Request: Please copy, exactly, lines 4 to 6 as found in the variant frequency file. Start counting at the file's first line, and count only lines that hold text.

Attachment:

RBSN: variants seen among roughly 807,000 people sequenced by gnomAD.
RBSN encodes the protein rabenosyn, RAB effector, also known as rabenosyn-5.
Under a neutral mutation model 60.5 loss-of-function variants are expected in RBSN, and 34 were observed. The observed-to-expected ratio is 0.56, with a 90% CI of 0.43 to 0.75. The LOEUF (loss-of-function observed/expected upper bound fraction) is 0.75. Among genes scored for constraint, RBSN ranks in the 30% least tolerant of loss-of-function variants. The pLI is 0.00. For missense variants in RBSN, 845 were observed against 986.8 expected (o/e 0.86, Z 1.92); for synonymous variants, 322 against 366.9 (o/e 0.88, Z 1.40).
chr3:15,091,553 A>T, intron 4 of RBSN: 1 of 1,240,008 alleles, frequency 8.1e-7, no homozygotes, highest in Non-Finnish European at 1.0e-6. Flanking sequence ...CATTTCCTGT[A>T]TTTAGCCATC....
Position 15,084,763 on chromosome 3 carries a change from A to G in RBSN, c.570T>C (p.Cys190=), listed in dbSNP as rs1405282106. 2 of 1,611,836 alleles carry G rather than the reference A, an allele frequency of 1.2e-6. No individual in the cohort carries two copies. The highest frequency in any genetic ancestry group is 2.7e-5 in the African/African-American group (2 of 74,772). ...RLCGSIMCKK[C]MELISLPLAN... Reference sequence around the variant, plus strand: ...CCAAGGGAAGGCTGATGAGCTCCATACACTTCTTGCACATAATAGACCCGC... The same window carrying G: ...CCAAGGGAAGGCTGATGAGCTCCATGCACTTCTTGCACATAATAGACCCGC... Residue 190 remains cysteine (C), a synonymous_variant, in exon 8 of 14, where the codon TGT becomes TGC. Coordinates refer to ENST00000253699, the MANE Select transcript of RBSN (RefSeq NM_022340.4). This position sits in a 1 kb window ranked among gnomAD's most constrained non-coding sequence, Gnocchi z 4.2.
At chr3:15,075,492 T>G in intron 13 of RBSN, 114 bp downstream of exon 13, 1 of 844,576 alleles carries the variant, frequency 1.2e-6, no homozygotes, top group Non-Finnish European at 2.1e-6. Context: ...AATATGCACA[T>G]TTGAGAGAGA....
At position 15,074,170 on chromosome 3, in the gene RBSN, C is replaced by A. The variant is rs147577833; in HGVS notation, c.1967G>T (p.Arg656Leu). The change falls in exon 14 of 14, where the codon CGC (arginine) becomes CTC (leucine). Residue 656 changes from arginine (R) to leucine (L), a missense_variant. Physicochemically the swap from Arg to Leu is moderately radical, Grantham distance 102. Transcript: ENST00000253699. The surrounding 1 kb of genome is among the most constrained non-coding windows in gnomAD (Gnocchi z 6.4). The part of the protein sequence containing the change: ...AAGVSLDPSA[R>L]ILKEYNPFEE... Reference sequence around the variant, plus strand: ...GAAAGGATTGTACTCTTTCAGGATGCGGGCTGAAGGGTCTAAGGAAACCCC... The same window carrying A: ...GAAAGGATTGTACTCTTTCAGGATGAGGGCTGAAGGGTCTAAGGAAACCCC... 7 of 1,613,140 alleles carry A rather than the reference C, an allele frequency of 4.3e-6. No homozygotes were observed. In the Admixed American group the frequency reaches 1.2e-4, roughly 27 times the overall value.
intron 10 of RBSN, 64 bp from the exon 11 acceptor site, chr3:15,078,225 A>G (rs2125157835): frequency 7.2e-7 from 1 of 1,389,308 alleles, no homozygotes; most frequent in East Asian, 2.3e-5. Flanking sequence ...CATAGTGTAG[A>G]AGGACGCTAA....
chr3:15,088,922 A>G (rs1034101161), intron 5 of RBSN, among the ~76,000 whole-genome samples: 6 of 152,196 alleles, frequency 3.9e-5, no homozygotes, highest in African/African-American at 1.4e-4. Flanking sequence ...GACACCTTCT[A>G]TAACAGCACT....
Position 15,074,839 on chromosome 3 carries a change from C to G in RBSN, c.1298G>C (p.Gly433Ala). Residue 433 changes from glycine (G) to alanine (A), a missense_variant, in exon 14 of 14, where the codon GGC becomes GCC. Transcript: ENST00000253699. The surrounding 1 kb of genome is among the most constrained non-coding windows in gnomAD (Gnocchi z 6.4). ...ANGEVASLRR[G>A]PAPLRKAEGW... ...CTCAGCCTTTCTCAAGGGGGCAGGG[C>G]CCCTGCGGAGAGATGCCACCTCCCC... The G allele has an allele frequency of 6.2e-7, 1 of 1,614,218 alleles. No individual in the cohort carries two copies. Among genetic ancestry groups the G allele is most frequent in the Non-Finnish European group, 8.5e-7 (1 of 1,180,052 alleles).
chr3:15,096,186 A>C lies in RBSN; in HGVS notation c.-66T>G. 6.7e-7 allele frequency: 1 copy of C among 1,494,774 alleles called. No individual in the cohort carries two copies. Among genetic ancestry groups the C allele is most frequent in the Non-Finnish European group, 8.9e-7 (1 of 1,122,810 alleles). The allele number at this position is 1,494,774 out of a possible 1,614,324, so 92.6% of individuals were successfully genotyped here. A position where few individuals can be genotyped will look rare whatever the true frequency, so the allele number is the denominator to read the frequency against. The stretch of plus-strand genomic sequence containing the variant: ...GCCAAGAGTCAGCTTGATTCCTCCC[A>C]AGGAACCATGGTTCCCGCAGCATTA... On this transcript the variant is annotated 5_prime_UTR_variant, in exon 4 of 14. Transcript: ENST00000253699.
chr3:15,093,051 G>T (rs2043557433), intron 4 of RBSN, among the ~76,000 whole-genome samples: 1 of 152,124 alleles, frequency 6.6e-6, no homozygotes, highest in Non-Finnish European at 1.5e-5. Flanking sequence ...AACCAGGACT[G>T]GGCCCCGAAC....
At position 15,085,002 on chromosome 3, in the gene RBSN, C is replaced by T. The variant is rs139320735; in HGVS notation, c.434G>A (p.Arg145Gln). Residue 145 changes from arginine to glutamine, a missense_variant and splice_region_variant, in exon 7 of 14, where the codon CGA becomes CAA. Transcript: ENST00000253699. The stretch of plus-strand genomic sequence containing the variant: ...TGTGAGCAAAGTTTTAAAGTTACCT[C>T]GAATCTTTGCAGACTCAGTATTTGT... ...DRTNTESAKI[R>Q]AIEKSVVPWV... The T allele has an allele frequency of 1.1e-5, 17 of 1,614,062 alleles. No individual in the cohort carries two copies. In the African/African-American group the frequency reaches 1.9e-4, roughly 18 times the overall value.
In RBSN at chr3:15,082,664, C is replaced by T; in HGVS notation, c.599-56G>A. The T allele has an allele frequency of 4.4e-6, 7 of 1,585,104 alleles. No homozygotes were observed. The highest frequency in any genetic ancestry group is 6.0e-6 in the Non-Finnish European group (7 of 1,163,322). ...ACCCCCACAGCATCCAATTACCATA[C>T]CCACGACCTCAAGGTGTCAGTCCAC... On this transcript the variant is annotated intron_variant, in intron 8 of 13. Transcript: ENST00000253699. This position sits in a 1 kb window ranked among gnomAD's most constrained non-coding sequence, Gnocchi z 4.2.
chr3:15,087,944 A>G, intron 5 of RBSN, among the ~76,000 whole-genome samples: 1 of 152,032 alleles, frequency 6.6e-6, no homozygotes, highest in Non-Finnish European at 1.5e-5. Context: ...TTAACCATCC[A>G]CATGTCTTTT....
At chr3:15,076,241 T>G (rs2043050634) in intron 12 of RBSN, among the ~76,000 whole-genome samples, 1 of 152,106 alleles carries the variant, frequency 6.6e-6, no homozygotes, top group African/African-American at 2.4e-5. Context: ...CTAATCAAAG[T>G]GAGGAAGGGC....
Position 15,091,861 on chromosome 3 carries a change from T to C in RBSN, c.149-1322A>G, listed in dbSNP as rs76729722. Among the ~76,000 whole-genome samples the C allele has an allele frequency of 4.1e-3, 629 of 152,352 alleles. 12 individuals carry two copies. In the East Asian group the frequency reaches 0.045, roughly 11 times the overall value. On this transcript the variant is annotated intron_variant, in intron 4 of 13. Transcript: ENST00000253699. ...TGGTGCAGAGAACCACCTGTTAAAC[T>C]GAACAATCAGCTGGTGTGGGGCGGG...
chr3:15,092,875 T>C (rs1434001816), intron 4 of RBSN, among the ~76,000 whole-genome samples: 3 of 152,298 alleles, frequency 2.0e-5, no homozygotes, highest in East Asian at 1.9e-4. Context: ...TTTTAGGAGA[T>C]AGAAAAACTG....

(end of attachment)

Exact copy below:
chr3:15,091,553 A>T, intron 4 of RBSN: 1 of 1,240,008 alleles, frequency 8.1e-7, no homozygotes, highest in Non-Finnish European at 1.0e-6. Flanking sequence ...CATTTCCTGT[A>T]TTTAGCCATC....
Position 15,084,763 on chromosome 3 carries a change from A to G in RBSN, c.570T>C (p.Cys190=), listed in dbSNP as rs1405282106. 2 of 1,611,836 alleles carry G rather than the reference A, an allele frequency of 1.2e-6. No individual in the cohort carries two copies. The highest frequency in any genetic ancestry group is 2.7e-5 in the African/African-American group (2 of 74,772). ...RLCGSIMCKK[C]MELISLPLAN... Reference sequence around the variant, plus strand: ...CCAAGGGAAGGCTGATGAGCTCCATACACTTCTTGCACATAATAGACCCGC... The same window carrying G: ...CCAAGGGAAGGCTGATGAGCTCCATGCACTTCTTGCACATAATAGACCCGC... Residue 190 remains cysteine (C), a synonymous_variant, in exon 8 of 14, where the codon TGT becomes TGC. Coordinates refer to ENST00000253699, the MANE Select transcript of RBSN (RefSeq NM_022340.4). This position sits in a 1 kb window ranked among gnomAD's most constrained non-coding sequence, Gnocchi z 4.2.
At chr3:15,075,492 T>G in intron 13 of RBSN, 114 bp downstream of exon 13, 1 of 844,576 alleles carries the variant, frequency 1.2e-6, no homozygotes, top group Non-Finnish European at 2.1e-6. Context: ...AATATGCACA[T>G]TTGAGAGAGA....